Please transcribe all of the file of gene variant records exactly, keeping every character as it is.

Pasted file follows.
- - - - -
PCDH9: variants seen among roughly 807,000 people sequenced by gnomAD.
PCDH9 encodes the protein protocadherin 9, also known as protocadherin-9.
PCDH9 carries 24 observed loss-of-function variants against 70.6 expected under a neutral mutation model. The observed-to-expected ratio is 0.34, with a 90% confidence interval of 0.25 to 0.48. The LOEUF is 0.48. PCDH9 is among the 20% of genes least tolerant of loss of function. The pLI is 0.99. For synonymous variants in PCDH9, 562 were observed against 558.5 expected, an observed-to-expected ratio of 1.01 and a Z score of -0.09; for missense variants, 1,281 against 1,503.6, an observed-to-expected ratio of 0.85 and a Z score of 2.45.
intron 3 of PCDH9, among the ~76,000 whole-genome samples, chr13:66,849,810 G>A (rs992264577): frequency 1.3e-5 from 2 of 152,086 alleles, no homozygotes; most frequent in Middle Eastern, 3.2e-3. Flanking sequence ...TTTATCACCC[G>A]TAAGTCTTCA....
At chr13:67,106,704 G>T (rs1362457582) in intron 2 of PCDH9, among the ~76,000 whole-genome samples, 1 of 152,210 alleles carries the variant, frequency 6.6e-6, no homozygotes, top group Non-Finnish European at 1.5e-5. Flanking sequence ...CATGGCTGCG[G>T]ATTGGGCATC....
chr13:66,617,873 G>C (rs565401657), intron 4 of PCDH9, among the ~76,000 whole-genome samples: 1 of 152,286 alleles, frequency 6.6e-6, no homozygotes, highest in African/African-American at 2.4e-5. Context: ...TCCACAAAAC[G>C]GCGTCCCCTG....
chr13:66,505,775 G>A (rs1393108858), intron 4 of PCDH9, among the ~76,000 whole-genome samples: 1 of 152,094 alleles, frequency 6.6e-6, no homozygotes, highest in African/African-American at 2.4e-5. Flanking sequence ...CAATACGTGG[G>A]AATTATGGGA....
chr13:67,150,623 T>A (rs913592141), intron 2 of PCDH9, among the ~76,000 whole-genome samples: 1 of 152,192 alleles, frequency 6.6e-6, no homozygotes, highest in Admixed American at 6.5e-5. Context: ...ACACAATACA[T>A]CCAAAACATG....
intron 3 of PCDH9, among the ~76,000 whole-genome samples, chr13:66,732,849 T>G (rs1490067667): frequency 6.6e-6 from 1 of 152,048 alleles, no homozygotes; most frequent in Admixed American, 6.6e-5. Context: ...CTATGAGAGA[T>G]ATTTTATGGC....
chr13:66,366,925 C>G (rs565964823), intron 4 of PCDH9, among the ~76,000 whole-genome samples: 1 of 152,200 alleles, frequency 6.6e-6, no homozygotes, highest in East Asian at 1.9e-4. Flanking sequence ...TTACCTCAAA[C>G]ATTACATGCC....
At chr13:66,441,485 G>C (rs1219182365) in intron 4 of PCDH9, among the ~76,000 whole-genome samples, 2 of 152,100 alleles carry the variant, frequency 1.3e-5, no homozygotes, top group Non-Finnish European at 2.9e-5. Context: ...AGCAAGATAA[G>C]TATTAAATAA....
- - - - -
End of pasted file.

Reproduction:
PCDH9: variants seen among roughly 807,000 people sequenced by gnomAD.
PCDH9 encodes the protein protocadherin 9, also known as protocadherin-9.
PCDH9 carries 24 observed loss-of-function variants against 70.6 expected under a neutral mutation model. The observed-to-expected ratio is 0.34, with a 90% confidence interval of 0.25 to 0.48. The LOEUF is 0.48. PCDH9 is among the 20% of genes least tolerant of loss of function. The pLI is 0.99. For synonymous variants in PCDH9, 562 were observed against 558.5 expected, an observed-to-expected ratio of 1.01 and a Z score of -0.09; for missense variants, 1,281 against 1,503.6, an observed-to-expected ratio of 0.85 and a Z score of 2.45.
intron 3 of PCDH9, among the ~76,000 whole-genome samples, chr13:66,849,810 G>A (rs992264577): frequency 1.3e-5 from 2 of 152,086 alleles, no homozygotes; most frequent in Middle Eastern, 3.2e-3. Flanking sequence ...TTTATCACCC[G>A]TAAGTCTTCA....
At chr13:67,106,704 G>T (rs1362457582) in intron 2 of PCDH9, among the ~76,000 whole-genome samples, 1 of 152,210 alleles carries the variant, frequency 6.6e-6, no homozygotes, top group Non-Finnish European at 1.5e-5. Flanking sequence ...CATGGCTGCG[G>T]ATTGGGCATC....
chr13:66,617,873 G>C (rs565401657), intron 4 of PCDH9, among the ~76,000 whole-genome samples: 1 of 152,286 alleles, frequency 6.6e-6, no homozygotes, highest in African/African-American at 2.4e-5. Context: ...TCCACAAAAC[G>C]GCGTCCCCTG....
chr13:66,505,775 G>A (rs1393108858), intron 4 of PCDH9, among the ~76,000 whole-genome samples: 1 of 152,094 alleles, frequency 6.6e-6, no homozygotes, highest in African/African-American at 2.4e-5. Flanking sequence ...CAATACGTGG[G>A]AATTATGGGA....
chr13:67,150,623 T>A (rs913592141), intron 2 of PCDH9, among the ~76,000 whole-genome samples: 1 of 152,192 alleles, frequency 6.6e-6, no homozygotes, highest in Admixed American at 6.5e-5. Context: ...ACACAATACA[T>A]CCAAAACATG....
intron 3 of PCDH9, among the ~76,000 whole-genome samples, chr13:66,732,849 T>G (rs1490067667): frequency 6.6e-6 from 1 of 152,048 alleles, no homozygotes; most frequent in Admixed American, 6.6e-5. Context: ...CTATGAGAGA[T>G]ATTTTATGGC....
chr13:66,366,925 C>G (rs565964823), intron 4 of PCDH9, among the ~76,000 whole-genome samples: 1 of 152,200 alleles, frequency 6.6e-6, no homozygotes, highest in East Asian at 1.9e-4. Flanking sequence ...TTACCTCAAA[C>G]ATTACATGCC....
At chr13:66,441,485 G>C (rs1219182365) in intron 4 of PCDH9, among the ~76,000 whole-genome samples, 2 of 152,100 alleles carry the variant, frequency 1.3e-5, no homozygotes, top group Non-Finnish European at 2.9e-5. Context: ...AGCAAGATAA[G>C]TATTAAATAA....